Note: This article first appeared in the Ithaca Times for 8 December 2004. Copyright © 2004 Ithaca Times, used by permission.
Geoffrey W. Marcy is Professor of Astronomy at the University of California at Berkeley. He is also among the first scientists to have discovered planets around Sun-like stars in our galaxy, leading us one step closer to learning whether Earth is the only planet with life or just one of many inhabited worlds in the universe.
Marcy visited the campus of Cornell University last week to participate in the Thomas Gold Lectureship of Astronomy series as the lecturer for 2004-2005.
Marcy's first lecture on November 29, titled "The Properties of Planetary Systems", was a technical look at the work he and colleagues have conducted since 1987 investigating 1,330 Sun-like stars in our region of the Milky Way galaxy for any planets around them.
Trying to observe a planet around a distant star has been compared to attempting to detect a firefly sitting on the edge of a search light very far away. Since it is not possible to detect these worlds from Earth directly, astronomers watch for "wobbles" in a star's movement caused by the gravitational pull of any planets around it.
For comparison, imagine watching a person walking an unseen dog on a leash getting yanked around by their pet while trying to walk in a straight path. You can infer the dog is there by the way the owner is tugged off their course.
Using this method, Marcy and his team have found almost one hundred exoplanets since 1995. Most are as large as or larger than the gas giant planet Jupiter of our solar system, which could hold over one thousand Earths itself.
Since the astronomers can only discover these worlds by their pull on a star, typically only the largest members of those systems can be found at present. Recently, however, exoplanets of sizes closer to Saturn and Neptune have been detected.
"There are more Neptunes than Saturns in the galaxy," stated Marcy, basing this on the number of known exoworlds and projecting the estimate statistically onto the rest of the stars in the Milky Way.
What Marcy and other astronomers are hoping to find eventually are the relatively small, rocky worlds - the ones that may be other Earths which could harbor life. While these celestial bodies are currently too small to detect from the stellar wobble observations, space satellites planned for the coming decades, such as the Terrestrial Planet Finder (TPF), could see Earth-like worlds and even report on their compositions to determine if any life could exist on them.
Professor Marcy's second and final talk in the lecture series came on Dec. 2. Titled "Planets, Yellowstone, and Prospects for Life in the Universe", Marcy delved into the underlying reason for his search for alien worlds: To find out how many stars have their own planetary systems. The more suns that have worlds circling them, the higher are the chances for life existing beyond Earth.
Marcy began his examination of the possibility for alien life by starting with our celestial neighborhood, the worlds of our solar system. He highlighted the recent findings by the Mars Exploration Rovers (MER) Spirit and Opportunity that water once flowed across at least some of the Red Planet in the distant past, increasing the chances for life having been there as well.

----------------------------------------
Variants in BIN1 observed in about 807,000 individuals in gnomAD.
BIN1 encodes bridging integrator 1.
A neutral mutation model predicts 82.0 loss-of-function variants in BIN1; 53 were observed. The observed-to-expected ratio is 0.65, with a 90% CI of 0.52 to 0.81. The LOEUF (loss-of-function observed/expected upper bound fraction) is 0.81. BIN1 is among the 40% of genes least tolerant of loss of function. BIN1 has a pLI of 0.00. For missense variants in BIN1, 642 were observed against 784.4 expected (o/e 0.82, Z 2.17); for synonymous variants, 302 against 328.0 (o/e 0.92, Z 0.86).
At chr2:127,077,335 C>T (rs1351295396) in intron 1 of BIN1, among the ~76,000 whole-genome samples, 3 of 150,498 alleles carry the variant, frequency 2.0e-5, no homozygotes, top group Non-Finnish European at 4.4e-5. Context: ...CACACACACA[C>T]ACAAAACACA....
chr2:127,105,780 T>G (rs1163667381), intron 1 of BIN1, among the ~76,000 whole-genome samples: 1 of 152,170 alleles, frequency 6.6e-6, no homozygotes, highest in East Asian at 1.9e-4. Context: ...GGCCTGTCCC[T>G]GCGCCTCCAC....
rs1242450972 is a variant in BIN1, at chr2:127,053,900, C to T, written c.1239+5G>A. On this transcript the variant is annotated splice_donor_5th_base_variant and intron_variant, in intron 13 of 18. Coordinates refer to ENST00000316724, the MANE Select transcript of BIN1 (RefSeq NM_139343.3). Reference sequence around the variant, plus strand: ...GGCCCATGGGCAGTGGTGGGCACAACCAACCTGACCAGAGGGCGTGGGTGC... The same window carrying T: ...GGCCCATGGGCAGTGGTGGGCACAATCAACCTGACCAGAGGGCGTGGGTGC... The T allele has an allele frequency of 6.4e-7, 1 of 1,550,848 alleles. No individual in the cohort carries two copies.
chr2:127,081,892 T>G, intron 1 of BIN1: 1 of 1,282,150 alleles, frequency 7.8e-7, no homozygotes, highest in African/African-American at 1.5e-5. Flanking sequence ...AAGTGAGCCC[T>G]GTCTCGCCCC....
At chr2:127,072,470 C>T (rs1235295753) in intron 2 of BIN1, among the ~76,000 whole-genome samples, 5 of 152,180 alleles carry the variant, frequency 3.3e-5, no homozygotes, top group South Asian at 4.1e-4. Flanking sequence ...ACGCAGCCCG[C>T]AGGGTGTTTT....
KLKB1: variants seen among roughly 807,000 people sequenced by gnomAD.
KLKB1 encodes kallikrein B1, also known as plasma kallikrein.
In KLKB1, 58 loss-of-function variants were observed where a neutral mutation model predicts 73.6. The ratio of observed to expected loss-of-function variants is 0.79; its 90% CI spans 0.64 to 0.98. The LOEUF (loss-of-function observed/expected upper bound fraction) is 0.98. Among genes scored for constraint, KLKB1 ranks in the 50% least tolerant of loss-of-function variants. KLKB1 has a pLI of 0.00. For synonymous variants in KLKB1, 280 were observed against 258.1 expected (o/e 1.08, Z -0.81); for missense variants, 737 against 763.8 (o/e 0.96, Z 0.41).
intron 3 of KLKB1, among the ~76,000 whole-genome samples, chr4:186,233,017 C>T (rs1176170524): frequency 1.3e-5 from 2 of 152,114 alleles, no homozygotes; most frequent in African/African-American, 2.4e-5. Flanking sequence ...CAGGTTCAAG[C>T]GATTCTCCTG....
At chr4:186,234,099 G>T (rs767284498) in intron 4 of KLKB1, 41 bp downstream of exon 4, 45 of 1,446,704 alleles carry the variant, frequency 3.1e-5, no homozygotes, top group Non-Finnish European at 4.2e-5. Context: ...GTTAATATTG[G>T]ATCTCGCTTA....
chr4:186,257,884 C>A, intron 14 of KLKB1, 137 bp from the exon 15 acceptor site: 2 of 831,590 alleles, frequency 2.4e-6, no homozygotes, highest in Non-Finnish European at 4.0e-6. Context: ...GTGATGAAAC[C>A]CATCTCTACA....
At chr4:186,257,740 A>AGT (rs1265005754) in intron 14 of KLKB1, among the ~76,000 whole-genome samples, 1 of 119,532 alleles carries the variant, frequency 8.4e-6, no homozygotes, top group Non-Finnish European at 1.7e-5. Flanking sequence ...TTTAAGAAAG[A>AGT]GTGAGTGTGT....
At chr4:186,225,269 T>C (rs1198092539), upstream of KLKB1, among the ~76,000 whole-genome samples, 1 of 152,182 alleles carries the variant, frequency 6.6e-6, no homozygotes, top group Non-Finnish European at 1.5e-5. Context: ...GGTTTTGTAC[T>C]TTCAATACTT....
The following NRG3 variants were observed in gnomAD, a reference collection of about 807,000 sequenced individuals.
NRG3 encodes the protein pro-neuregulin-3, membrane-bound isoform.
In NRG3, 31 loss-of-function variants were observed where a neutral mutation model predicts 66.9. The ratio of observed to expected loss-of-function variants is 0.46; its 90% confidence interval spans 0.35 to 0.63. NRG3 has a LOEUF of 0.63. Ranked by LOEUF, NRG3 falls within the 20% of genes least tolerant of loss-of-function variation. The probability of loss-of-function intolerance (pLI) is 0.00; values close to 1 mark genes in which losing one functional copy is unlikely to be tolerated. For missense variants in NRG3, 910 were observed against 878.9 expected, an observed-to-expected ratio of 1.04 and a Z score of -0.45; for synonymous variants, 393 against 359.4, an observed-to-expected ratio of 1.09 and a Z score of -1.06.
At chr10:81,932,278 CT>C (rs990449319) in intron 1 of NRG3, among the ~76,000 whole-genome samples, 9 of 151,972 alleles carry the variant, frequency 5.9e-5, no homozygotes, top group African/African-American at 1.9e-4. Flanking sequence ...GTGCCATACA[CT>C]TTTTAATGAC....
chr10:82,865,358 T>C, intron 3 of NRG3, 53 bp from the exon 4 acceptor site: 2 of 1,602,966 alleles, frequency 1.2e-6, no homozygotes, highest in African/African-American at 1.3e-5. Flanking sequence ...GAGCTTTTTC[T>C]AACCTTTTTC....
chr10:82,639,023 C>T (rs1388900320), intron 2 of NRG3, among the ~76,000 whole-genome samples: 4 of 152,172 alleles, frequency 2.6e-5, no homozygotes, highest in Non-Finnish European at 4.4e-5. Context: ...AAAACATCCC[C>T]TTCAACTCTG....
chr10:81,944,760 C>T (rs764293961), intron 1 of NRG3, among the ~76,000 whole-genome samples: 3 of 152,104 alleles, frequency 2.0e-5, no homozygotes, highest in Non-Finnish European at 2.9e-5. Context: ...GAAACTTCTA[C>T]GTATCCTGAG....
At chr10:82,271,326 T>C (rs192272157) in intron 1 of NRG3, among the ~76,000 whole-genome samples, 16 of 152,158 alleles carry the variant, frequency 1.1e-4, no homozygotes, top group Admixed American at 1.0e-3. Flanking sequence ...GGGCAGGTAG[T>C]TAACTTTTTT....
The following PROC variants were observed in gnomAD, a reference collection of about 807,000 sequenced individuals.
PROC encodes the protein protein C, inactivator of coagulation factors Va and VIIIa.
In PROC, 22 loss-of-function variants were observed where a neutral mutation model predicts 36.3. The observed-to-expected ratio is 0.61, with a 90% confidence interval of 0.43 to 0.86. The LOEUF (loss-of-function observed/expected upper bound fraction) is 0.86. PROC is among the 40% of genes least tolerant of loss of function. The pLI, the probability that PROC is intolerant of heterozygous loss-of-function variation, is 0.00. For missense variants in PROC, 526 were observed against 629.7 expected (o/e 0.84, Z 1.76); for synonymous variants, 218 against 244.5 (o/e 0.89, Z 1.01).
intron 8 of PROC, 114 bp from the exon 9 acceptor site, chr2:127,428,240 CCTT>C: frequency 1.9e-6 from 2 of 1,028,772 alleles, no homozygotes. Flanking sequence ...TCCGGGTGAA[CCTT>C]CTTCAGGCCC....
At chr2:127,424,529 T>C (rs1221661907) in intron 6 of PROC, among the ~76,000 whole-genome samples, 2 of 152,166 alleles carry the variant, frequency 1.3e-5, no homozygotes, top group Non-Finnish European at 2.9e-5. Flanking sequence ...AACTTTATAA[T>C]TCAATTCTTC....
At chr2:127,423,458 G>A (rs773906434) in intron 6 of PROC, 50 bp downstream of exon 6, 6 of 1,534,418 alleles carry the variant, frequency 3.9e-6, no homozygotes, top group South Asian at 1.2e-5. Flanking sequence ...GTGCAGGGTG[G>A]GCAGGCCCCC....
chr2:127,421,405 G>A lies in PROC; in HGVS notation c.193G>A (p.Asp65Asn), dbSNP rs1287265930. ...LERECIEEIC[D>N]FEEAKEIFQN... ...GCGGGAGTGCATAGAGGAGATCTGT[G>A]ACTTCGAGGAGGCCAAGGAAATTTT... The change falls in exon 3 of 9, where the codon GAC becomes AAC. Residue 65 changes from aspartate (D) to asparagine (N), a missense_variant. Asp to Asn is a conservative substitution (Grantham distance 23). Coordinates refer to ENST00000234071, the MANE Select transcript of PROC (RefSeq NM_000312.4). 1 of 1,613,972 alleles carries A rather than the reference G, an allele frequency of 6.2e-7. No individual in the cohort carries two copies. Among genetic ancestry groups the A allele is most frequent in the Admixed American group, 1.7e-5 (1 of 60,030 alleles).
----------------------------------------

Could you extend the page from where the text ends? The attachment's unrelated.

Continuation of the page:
Another world that has gotten recent headlines is Saturn's largest moon, Titan. The Cassini probe orbiting that ringed gas giant has also begun to reveal what Titan looks like under its thick veil of orange clouds. It is a truly alien place, and though the moon is seemingly too cold for any Earth-type life, Marcy speculated that some kind of organisms could be there with a chemistry far different from what we know of here, possibly swimming in lakes of liquid ethane.
Marcy then headed the audience out into the wider galaxy to examine some of the strange alien worlds he and his team have found in the past decade.
Since the majority of known exoplanets are around the size of Jupiter or larger, scientists have speculated whether life exists on them. A number of these planets actually orbit very close to their stars and are presumably so hot that it is hard to imagine would kind of organisms could survive on them.
However, for those known globes that do orbit at more "reasonable" distances from their suns, Marcy said that while he "would not bet on life on those worlds as we know it, I could imagine life that floats in their thick air."
Using his seventeen years of data and discoveries, Marcy estimates that perhaps twenty billion planetary systems exist in our Milky Way. Combine that with how hardy life can be on this planet - such as dwelling in hot, acidic geysers and miles under the ocean - and Marcy thinks that simple life forms are "common" in our galaxy and probably most others.
As for intelligent alien life, "we must hunt explicitly for extraterrestrial intelligence to find brethren in the galaxy," said Marcy.
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this page last updated 11 December 2004
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